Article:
Alpha lipoic acid, also known as ALA, doesn’t have many side effects, but the most common typically include low blood sugar and difficulty absorbing and retaining certain vitamins. A small percentage of the population might also experience an allergic reaction to ALA or other ingredients included in supplement materials. In general, the most serious side effects are usually experienced by people who suffer from certain existing conditions, namely diabetes and thyroid dysfunction. Most experts discourage pregnant and breastfeeding women from using it, too, since not a lot is known about how it can impact developing fetuses or infants.
ALA in General
ALA is an antioxidant, which means that it has the capability to prevent nearby molecules from oxidizing: a process that can sometimes lead to “free radicals,” or particles that aren’t anchored and can sometimes be prone to unchecked growth. Free radicals are thought to be responsible for certain cancers and other health issues. The human body naturally synthesizes some ALA, and the compound is readily available in nature, too particularly in root vegetables, leafy greens, and organ meats. It’s often referred to as the “universal antioxidant” because of its soluble properties; it dissolves in both water and fat.
Documented alpha lipoic side effects are linked exclusively to commercially produced supplements. There are not usually any reported side effects related to food sources. Most of this concerns concentration and dosage.
Some doctors recommend a daily dose of ALA for its antioxidant properties. The typical dosage of alpha lipoic acid is 800 mg per day. Anyone considering taking it should usually consult a physician, and if any alpha lipoic acid side effects occur, users should stop taking the supplement and seek medical attention. Even though most reactions are fairly mild, they can in some cases be a sign of a more serious condition.
Blood Sugar Issues
One of the most common alpha lipoic acid side effects is a quick drop in blood sugar, commonly within an hour or so of when the supplement was taken. Low blood sugar is known medically as “hypoglycemia,” and common symptoms include lightheadedness, dizziness, hunger, and irritability. The condition can usually be corrected by eating a snack or a small meal, but it can put stress on the heart and other organs if it happens frequently.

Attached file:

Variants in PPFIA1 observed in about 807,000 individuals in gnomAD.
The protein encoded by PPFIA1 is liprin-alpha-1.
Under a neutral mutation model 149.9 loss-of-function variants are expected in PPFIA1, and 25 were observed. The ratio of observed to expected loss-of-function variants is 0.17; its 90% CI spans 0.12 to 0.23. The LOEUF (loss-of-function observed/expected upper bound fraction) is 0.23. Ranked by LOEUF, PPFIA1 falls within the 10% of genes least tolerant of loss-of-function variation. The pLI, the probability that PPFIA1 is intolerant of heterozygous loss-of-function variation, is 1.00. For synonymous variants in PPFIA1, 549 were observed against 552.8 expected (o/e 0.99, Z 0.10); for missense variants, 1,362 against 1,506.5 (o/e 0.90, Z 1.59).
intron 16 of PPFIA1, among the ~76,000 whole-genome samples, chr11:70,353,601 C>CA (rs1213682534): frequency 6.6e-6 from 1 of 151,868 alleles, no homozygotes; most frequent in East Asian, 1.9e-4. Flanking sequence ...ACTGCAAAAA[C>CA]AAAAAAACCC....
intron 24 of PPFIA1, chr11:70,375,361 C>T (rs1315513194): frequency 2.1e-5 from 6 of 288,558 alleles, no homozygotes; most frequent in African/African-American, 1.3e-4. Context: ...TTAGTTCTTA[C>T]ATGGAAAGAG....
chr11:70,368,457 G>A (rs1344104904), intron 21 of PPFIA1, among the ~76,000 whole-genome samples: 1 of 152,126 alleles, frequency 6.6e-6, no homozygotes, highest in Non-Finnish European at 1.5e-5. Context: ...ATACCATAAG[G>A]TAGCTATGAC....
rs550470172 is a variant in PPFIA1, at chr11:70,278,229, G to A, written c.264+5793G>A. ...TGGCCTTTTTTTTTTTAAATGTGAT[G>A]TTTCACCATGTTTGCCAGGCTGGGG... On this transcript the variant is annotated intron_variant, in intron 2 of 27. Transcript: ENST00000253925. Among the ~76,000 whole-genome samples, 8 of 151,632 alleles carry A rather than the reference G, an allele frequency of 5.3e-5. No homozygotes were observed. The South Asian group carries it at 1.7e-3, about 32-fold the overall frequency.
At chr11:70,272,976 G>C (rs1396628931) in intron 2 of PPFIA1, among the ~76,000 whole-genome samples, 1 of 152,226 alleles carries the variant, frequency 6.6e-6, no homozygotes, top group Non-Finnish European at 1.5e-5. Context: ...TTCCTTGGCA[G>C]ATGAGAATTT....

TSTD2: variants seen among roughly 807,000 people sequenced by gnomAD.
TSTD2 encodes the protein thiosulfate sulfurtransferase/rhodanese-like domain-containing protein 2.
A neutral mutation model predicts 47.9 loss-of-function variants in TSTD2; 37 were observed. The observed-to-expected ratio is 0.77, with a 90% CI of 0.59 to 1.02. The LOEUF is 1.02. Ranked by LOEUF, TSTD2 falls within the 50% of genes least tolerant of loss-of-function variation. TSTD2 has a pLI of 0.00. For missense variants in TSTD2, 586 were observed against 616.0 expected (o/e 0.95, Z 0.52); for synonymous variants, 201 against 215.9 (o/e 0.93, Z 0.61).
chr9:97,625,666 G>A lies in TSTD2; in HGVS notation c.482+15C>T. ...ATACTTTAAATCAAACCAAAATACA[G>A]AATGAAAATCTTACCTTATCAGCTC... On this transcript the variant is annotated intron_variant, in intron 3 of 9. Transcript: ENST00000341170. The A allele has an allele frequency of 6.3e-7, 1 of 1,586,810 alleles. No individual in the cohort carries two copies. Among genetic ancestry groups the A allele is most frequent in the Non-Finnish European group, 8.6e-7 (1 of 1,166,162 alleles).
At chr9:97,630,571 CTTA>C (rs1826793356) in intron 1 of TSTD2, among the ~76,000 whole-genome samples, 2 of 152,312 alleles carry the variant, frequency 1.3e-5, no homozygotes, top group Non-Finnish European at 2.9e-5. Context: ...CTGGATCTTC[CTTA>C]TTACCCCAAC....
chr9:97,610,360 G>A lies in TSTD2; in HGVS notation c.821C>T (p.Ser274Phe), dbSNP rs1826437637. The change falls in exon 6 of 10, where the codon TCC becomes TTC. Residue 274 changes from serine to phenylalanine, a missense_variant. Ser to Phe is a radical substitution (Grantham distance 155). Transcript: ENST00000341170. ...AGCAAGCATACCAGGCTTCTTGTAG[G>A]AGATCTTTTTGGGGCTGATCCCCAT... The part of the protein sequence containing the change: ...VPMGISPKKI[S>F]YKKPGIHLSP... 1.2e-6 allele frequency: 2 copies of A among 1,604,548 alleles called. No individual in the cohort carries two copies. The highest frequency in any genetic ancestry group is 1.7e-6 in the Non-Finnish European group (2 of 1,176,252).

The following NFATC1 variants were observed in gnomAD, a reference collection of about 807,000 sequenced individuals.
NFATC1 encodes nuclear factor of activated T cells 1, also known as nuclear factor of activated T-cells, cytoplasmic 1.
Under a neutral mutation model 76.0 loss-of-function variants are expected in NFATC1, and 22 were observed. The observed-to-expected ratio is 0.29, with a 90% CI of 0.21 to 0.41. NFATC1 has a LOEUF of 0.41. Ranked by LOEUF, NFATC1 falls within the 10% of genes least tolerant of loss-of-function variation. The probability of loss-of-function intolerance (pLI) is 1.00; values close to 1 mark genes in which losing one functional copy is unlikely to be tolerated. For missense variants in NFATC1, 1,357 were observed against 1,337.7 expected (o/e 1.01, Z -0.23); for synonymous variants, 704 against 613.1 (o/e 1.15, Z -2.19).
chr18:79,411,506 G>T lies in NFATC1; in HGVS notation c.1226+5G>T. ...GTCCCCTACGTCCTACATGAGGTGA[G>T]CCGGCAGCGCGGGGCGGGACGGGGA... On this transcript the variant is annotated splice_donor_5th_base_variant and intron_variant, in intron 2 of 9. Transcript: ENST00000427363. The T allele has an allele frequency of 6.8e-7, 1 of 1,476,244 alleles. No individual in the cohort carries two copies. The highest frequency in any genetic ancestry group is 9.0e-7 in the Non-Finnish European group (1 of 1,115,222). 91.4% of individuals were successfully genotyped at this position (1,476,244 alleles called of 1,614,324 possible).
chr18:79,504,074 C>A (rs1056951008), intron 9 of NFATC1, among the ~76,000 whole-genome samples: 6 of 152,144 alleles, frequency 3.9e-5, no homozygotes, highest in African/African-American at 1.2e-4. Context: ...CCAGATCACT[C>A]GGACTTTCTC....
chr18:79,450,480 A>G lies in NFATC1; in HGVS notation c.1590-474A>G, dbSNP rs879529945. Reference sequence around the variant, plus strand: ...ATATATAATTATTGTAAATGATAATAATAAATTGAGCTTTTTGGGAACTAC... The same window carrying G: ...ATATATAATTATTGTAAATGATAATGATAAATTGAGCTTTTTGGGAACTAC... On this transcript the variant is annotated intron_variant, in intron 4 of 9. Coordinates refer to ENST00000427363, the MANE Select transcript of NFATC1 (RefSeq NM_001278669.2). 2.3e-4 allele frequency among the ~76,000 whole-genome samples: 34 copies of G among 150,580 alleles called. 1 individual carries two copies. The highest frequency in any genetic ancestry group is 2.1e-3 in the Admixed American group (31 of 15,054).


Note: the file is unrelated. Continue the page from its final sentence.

Special Considerations for Diabetics
People who suffer from diabetes are often at an increased risk of experiencing potentially harmful blood sugar drops and spikes. Diabetes is a disease that impacts how the pancreas processes sugar. Hypoglycemic reactions can be particularly dangerous for people who suffer from this condition, and as such diabetics should only use alpha lipoic acid supplements under medical supervision and with regular blood sugar checks.
Possible Vitamin Deficiencies
Supplementing with alpha lipoic acid might also contribute to thiamine deficiency, also known as a vitamin B1 deficiency. A sufficient level of thiamine is required in order for the body to properly use carbohydrates. People deficient in thiamine are at risk for cardiovascular, neurological, and gastrointestinal problems. The consumption of large amounts of alcohol while taking ALA supplements is believed to be the main cause for insufficient levels of thiamine in supplement users.
In rare cases, ALA supplements can cause allergic reaction, the side effects of which often include swelling, itching, and hives. Most of these reactions are mild, but they can be life-threatening if they impact a person’s airways. Anyone who suspects that he or she is suffering this sort of a reaction is usually wise to get immediate medical attention.
People With Thyroid Concerns
People who have thyroid disease, hypothyroidism, or hyperthyroidism might be more prone to experiencing things like heart palpitations and shortness of breath when taking the supplement. This is due to the fact that these supplements can interact with the use of thyroid medications like levothyroxine and Synthroid®. While heart palpitations are not usually fatal, they can be unpleasant. Studies show that small doses of alpha lipoic acid, such as those that occur naturally in some foods, are usually well tolerated by thyroid patients. High concentrations can be problematic, though.
Side effects may also be more pronounced in women who are pregnant or breastfeeding. Most care providers recommend that women in either circumstance avoid ALA entirely, since not a lot is known about how the compound could impact either the growing fetus or the breastfeeding child.